RICHMOND — It’s just past midnight, and my friend Debs beckons me to come into her lamp-lit hotel room and sit down on the bed. She’s telling two of our fellow balloon artists about a wacky new design she saw.
We freeze. And then Debs says, “Well, me literally.”
The silence breaks, and we laugh and laugh and laugh.
Deborah Fellman, balloon artist extraordinaire, is 54 and dying. And she’s ending her life the way she spent so much of it — creating smiles.
This weekend, she gave a gift of joy to the city of Richmond: a wonderland of blossoming tulips and hyacinths and daffodils, of birds and frogs and butterflies, of cascading water and tumbling clouds and soaring glass … all made entirely out of balloons.
Twenty thousand balloons’ worth of awe and delight, a gift from Debs to the city she loves. And a gift from all of us to Debs.
Fifty balloon twisters came to Richmond this weekend to honor Debs, flocking from near and far to participate in creating Debs’s final installation. We’re a tightknit community, balloon artists — these off-kilter people who don’t just twist dogs and swords but massive sculptures of breathtaking complexity in a medium that’s destined to pop in a matter of days. All of us met Debs at previous balloon builds and conventions and jams around the country. And when we heard about her final build, we all knew that we couldn’t miss it.
Debs got sick suddenly. One day in November, she was a community fixture, a doting aunt, a savvy proprietor of a growing business. The next, a physician was telling her that she might not live until Christmas.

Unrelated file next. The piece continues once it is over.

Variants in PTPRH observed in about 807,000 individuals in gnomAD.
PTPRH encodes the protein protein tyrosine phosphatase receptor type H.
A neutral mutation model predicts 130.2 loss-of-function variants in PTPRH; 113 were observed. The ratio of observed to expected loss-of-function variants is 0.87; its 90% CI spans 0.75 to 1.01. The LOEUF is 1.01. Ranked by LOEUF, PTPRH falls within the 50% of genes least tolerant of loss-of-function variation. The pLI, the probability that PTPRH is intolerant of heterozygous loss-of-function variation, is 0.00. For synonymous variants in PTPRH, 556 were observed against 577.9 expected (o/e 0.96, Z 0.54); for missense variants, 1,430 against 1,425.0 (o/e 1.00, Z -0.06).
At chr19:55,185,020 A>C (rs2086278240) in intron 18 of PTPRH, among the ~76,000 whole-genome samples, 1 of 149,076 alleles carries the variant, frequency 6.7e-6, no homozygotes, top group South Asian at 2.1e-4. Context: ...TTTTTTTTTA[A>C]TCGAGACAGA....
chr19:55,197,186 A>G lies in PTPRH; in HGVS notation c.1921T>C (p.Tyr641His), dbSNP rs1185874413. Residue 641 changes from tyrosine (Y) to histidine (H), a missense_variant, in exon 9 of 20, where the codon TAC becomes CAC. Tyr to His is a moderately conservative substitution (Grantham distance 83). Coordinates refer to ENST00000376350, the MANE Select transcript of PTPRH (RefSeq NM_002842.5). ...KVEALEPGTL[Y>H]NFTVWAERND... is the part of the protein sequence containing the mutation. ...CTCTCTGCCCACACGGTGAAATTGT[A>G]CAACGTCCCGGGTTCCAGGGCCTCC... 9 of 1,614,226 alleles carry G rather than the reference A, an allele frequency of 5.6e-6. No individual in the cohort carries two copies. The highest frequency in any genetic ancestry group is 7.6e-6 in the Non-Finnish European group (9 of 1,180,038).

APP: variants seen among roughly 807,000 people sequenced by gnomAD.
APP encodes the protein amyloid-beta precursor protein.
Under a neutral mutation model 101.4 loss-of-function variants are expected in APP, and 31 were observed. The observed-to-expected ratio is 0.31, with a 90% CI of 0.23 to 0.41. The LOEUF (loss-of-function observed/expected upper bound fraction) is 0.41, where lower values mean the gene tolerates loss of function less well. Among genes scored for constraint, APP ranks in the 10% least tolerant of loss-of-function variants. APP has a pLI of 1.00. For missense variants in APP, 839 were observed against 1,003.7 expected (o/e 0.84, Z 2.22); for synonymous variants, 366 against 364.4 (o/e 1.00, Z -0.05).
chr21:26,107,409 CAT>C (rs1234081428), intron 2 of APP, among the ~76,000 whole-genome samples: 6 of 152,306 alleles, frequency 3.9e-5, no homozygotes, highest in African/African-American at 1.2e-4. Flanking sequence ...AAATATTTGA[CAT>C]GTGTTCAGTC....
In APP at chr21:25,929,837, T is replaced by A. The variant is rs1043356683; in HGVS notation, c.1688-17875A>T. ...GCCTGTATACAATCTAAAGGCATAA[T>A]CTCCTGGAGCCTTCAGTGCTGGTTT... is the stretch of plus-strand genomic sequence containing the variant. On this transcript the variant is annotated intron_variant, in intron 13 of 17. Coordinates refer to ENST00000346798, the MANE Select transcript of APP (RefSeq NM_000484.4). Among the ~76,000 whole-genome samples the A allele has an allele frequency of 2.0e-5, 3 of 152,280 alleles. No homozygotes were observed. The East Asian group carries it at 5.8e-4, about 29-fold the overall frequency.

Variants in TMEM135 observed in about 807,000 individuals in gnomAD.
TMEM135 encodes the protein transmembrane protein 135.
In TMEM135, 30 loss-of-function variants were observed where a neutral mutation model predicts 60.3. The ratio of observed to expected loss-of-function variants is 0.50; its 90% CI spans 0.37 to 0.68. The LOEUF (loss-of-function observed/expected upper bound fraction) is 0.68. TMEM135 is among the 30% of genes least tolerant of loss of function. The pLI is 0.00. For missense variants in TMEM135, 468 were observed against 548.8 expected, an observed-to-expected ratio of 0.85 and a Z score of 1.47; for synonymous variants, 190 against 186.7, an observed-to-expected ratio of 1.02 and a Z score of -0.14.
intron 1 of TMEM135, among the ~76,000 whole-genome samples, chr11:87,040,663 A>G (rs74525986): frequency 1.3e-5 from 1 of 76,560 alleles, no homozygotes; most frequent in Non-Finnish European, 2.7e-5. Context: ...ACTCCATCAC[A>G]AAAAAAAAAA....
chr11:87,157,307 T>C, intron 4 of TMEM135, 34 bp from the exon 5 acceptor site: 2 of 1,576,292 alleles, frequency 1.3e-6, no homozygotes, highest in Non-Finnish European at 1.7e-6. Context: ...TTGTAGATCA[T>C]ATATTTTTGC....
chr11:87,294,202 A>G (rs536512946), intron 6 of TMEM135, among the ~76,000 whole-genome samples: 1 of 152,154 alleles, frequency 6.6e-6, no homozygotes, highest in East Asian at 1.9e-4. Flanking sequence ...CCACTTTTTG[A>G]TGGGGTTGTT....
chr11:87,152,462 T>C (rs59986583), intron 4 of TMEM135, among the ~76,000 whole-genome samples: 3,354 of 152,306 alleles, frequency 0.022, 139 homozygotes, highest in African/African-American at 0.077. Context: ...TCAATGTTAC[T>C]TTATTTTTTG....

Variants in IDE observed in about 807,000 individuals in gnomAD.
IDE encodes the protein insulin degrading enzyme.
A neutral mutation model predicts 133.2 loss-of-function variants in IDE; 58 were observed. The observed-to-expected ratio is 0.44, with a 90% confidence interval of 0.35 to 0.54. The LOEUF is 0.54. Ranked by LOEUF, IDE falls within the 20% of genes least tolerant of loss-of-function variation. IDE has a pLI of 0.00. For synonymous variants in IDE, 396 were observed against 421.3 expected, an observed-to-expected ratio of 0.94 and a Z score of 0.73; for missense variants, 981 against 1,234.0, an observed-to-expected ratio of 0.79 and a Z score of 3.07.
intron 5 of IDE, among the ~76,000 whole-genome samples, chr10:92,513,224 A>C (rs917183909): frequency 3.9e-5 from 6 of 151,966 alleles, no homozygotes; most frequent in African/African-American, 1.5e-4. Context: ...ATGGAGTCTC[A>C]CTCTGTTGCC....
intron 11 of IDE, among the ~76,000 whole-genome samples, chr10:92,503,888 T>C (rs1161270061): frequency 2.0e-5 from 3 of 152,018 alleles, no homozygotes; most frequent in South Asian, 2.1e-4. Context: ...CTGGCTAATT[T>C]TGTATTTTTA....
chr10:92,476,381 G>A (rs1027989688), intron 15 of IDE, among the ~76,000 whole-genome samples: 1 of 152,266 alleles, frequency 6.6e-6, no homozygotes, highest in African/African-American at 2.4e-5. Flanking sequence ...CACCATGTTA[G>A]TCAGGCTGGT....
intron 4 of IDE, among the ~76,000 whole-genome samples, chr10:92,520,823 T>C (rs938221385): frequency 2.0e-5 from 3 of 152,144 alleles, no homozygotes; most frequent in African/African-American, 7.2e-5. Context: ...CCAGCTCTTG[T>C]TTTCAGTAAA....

When I talked with her a few days after she shared the news of her diagnosis of Stage 4 endometrial cancer, she was surrounded by cards, with stacks more arriving in the mail every day. “I’ll tell you this. You ever want to know how much you’re loved? Die young,” she said. “I wouldn’t say I recommend it.”
Debs started making balloons more than 15 years ago, when she happened upon an instruction manual. What was at first a way of entertaining her nephews became a job later, when she had just bought a house. A huge storm hit, flooding her new home, and she didn’t have the money to replace the furnace. Balloon twisting in restaurants brought in enough extra cash that she could pay her mortgage and keep the heat on.
Eventually, she left her job as a compliance officer. She could make more money, she realized, making balloon art full time.
She decorated glitzy parties and upscale corporate events with her balloons; she worked as a balloon artist for Coca-Cola and Walmart. Yet she still felt she paled in comparison with the most famous sculptors in this highly temporary latex art form.
“I always wanted to be Larry Moss. I always wanted to be Guido. I always wanted to be one of those big names that do big stuff,” she said to me that day in November, soon after her diagnosis. “It has really been an epiphany to realize that what matters the most to people is the little stuff. I really feel embarrassed I didn’t get that earlier. I wish I’d been a little less hard on myself.”